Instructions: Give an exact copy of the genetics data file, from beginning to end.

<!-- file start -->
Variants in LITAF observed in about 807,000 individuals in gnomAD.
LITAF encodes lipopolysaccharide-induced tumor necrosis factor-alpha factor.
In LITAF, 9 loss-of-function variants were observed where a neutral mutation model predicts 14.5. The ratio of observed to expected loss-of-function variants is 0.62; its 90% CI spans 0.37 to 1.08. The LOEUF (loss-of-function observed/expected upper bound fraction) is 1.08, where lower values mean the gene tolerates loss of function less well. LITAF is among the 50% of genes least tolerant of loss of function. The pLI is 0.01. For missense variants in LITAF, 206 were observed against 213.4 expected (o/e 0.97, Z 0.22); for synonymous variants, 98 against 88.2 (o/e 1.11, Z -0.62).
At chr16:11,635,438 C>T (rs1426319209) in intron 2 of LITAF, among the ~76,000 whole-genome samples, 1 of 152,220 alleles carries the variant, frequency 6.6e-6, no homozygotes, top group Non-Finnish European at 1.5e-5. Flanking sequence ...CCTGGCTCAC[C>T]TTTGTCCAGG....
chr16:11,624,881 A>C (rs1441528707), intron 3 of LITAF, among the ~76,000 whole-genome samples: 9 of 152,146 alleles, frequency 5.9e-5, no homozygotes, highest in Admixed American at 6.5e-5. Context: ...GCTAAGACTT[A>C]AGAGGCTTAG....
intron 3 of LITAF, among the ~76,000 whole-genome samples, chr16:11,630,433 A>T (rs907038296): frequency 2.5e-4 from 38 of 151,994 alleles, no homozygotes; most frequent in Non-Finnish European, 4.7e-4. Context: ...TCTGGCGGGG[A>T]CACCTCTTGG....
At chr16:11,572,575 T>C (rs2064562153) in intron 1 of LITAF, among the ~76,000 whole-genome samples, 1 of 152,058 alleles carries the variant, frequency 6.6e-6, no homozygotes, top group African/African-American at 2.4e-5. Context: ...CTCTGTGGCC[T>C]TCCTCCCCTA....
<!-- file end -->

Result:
Variants in LITAF observed in about 807,000 individuals in gnomAD.
LITAF encodes lipopolysaccharide-induced tumor necrosis factor-alpha factor.
In LITAF, 9 loss-of-function variants were observed where a neutral mutation model predicts 14.5. The ratio of observed to expected loss-of-function variants is 0.62; its 90% CI spans 0.37 to 1.08. The LOEUF (loss-of-function observed/expected upper bound fraction) is 1.08, where lower values mean the gene tolerates loss of function less well. LITAF is among the 50% of genes least tolerant of loss of function. The pLI is 0.01. For missense variants in LITAF, 206 were observed against 213.4 expected (o/e 0.97, Z 0.22); for synonymous variants, 98 against 88.2 (o/e 1.11, Z -0.62).
At chr16:11,635,438 C>T (rs1426319209) in intron 2 of LITAF, among the ~76,000 whole-genome samples, 1 of 152,220 alleles carries the variant, frequency 6.6e-6, no homozygotes, top group Non-Finnish European at 1.5e-5. Flanking sequence ...CCTGGCTCAC[C>T]TTTGTCCAGG....
chr16:11,624,881 A>C (rs1441528707), intron 3 of LITAF, among the ~76,000 whole-genome samples: 9 of 152,146 alleles, frequency 5.9e-5, no homozygotes, highest in Admixed American at 6.5e-5. Context: ...GCTAAGACTT[A>C]AGAGGCTTAG....
intron 3 of LITAF, among the ~76,000 whole-genome samples, chr16:11,630,433 A>T (rs907038296): frequency 2.5e-4 from 38 of 151,994 alleles, no homozygotes; most frequent in Non-Finnish European, 4.7e-4. Context: ...TCTGGCGGGG[A>T]CACCTCTTGG....
At chr16:11,572,575 T>C (rs2064562153) in intron 1 of LITAF, among the ~76,000 whole-genome samples, 1 of 152,058 alleles carries the variant, frequency 6.6e-6, no homozygotes, top group African/African-American at 2.4e-5. Context: ...CTCTGTGGCC[T>C]TCCTCCCCTA....